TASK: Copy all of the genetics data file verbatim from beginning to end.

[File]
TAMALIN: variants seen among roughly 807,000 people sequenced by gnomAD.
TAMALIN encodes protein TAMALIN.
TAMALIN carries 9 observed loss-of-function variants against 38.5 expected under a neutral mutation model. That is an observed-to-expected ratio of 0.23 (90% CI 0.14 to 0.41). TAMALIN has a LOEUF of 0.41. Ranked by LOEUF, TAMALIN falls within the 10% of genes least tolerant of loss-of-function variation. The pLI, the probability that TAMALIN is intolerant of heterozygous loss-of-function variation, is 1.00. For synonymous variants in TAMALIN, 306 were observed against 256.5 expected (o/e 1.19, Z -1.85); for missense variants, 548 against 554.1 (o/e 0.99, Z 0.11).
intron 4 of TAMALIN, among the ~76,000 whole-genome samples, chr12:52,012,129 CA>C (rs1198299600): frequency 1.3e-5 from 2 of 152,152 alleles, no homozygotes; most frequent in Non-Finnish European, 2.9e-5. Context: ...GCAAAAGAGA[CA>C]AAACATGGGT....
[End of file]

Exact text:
TAMALIN: variants seen among roughly 807,000 people sequenced by gnomAD.
TAMALIN encodes protein TAMALIN.
TAMALIN carries 9 observed loss-of-function variants against 38.5 expected under a neutral mutation model. That is an observed-to-expected ratio of 0.23 (90% CI 0.14 to 0.41). TAMALIN has a LOEUF of 0.41. Ranked by LOEUF, TAMALIN falls within the 10% of genes least tolerant of loss-of-function variation. The pLI, the probability that TAMALIN is intolerant of heterozygous loss-of-function variation, is 1.00. For synonymous variants in TAMALIN, 306 were observed against 256.5 expected (o/e 1.19, Z -1.85); for missense variants, 548 against 554.1 (o/e 0.99, Z 0.11).
intron 4 of TAMALIN, among the ~76,000 whole-genome samples, chr12:52,012,129 CA>C (rs1198299600): frequency 1.3e-5 from 2 of 152,152 alleles, no homozygotes; most frequent in Non-Finnish European, 2.9e-5. Context: ...GCAAAAGAGA[CA>C]AAACATGGGT....